MEREDITH — In a sign many parents are concerned about returning children to classrooms, the state’s online charter school has seen a jump in demand and is telling superintendents not to depend on it as a sole source for remote education.
The Inter-Lakes School District was planning to use the Virtual Learning Academy Charter School in Exeter as the way for its students to receive remote education and will now have to rethink those plans, Superintendent Mary Moriarity said Friday.
The Gilford and Laconia districts have the charter school as an option.
“The year ahead is all about being nimble, and this is just one of many times we will be adapting,” Moriarity said.
If the district has to stand up its own remote instruction system, this would take teaching staff away from in-classroom instruction.
“I think we are going to have to shift resources and that will make us thin in other places,” she said. “The thinner we get, the more concerning it becomes relative to starting to see other issues.
“It could make it harder to do face-to-face instruction, particularly if there are staff absences. There are a lot of moving parts.”
Moriarity said the district is awaiting responses from parents to determine how many want their children to do remote instruction. The Laconia district is also waiting to hear back from parents.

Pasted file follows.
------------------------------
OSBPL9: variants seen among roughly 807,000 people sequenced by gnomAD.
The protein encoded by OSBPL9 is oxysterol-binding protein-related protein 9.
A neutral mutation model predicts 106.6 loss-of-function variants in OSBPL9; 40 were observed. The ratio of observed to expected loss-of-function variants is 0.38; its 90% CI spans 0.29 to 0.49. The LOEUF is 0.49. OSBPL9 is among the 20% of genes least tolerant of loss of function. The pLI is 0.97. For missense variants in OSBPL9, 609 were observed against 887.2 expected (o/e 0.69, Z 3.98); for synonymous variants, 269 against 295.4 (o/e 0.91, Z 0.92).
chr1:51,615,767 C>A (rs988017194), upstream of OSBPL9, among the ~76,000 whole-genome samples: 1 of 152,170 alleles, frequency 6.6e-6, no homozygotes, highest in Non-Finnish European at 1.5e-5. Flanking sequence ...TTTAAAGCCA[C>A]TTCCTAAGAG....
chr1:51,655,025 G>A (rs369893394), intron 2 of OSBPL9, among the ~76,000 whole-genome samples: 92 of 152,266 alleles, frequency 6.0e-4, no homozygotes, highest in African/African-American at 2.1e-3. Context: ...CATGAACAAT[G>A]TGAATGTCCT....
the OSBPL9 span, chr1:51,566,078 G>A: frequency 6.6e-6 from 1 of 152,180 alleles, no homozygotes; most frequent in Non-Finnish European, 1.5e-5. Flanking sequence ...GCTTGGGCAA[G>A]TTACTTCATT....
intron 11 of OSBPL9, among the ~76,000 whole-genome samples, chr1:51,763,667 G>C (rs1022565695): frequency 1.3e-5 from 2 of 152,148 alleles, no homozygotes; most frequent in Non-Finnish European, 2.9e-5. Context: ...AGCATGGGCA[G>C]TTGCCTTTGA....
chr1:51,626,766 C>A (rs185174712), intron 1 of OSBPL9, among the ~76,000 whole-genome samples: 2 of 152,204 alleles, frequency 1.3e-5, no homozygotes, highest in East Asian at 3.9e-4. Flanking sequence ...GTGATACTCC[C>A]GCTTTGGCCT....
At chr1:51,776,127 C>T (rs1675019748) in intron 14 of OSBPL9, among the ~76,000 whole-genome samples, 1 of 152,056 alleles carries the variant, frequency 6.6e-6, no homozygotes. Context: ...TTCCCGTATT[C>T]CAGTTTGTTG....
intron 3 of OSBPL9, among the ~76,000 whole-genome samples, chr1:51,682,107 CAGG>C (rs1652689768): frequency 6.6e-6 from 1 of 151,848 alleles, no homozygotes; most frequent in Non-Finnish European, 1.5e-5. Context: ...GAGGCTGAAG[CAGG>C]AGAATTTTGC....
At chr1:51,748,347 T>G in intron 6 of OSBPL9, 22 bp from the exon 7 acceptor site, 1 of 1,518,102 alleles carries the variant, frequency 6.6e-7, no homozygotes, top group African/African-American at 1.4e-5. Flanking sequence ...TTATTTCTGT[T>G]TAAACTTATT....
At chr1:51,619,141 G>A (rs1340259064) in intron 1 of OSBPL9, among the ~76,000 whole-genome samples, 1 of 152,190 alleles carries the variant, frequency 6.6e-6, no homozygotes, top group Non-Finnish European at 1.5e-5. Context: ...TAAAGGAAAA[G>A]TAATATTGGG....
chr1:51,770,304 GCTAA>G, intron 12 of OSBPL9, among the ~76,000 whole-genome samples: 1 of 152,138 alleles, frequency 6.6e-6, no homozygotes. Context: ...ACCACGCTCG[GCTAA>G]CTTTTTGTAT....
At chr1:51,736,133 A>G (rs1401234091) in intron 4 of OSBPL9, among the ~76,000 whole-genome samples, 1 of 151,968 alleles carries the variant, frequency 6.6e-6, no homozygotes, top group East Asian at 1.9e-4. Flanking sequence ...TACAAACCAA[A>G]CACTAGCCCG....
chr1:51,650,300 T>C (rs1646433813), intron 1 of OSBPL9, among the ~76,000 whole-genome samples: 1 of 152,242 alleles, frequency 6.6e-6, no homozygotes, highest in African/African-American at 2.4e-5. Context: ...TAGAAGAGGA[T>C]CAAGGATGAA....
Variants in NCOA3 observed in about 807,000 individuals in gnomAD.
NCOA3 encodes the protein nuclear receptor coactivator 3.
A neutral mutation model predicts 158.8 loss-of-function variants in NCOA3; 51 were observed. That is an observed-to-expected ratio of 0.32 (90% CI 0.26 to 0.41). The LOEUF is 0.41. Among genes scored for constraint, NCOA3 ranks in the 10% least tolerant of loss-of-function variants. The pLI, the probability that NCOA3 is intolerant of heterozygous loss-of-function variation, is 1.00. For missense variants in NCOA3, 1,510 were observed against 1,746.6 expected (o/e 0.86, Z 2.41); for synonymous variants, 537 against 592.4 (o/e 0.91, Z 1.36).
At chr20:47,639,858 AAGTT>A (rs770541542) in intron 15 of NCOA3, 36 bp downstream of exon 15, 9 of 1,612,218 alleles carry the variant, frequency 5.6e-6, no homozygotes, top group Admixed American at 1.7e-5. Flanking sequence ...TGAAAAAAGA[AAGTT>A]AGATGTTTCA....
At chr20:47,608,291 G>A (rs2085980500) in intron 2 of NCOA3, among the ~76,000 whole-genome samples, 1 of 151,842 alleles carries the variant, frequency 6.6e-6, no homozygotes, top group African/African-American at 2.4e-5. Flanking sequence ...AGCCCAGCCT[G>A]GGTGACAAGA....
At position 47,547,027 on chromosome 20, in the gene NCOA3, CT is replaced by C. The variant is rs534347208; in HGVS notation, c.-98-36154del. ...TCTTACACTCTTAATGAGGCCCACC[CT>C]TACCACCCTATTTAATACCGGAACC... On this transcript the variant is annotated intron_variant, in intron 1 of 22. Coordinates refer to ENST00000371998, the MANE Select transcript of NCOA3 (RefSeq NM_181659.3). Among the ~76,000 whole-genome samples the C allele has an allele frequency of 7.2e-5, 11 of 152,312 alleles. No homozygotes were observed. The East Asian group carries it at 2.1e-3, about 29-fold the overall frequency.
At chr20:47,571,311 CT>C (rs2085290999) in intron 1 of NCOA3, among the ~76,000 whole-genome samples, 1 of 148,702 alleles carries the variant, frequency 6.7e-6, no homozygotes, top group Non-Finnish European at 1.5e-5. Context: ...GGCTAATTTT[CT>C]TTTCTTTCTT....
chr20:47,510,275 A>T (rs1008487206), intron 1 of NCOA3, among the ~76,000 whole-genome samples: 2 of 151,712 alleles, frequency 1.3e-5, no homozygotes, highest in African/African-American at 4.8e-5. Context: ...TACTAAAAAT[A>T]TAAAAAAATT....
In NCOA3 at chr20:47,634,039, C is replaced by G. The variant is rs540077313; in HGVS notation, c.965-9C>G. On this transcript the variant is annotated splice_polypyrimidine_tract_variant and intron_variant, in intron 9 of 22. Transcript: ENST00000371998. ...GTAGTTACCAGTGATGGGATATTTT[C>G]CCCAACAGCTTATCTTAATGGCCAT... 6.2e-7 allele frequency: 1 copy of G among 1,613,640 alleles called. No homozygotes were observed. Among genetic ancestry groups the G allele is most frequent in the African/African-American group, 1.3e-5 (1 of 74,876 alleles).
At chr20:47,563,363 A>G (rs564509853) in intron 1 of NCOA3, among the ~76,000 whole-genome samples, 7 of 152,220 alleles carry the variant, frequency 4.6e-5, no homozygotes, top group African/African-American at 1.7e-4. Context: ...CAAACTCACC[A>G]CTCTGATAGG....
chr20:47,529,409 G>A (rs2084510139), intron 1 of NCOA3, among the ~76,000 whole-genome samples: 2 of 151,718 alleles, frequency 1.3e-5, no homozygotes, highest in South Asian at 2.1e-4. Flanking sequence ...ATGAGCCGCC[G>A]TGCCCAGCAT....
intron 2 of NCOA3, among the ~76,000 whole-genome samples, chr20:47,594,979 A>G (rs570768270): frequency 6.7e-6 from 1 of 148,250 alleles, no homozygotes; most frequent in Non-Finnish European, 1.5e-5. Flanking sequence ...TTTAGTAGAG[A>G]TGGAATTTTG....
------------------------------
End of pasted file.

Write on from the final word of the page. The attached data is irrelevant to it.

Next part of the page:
A survey sent to Inter-Lakes School District families in early July had more than 800 responses and showed 13.4 percent wanted remote learning only, while 52.5 percent favored face-to-face instruction.
Steve Kossakoski, chief executive officer and co-founder of the Virtual Learning Academy Charter School, said enrollment requests at his school have been building. Applications increased four-fold last week compared to the same time period last year.
He said that in mid-July, as back-to-school discussions were being held in districts across the state, enrollment activity at his academy increased greatly.
Parents who now go to the school’s website and try to enroll their children will see significant wait lists.
“As with any school, there are going to be limits,” Kossakoski said. “My communication to school districts has been, ‘Keep planning to build your own programs. We can't be a replacement.’”
His school has hired 60 new teachers since the start of July.
It is expanding its elementary school offerings. In the spring, it implemented instruction in grades 4 and 5. This fall, it is expanding to kindergarten through 3rd grade.
“We had to go out and hire certified elementary school teachers,” he said. “That’s also a reason for the wait list.
“We built an entire elementary school starting at the beginning of July. As you can guess when you have something as serious and scary as a pandemic, you will get a lot of interest.
“We are building a plane while flying it.”
He said some parents appear to be enrolling their children at the school as a backup plan.
“The majority of parents are not saying anything negative about local schools,” he said. “They are just afraid, not sure what's going to happen.
“Many say they have confidence, but if something should not work out, they want an alternative.
“Others say that no matter what, they are just not comfortable. Someone in the family is ill or has some reason for concern about the virus. Others say they don't want to expose their kids to the public. It’s just a very tough time.”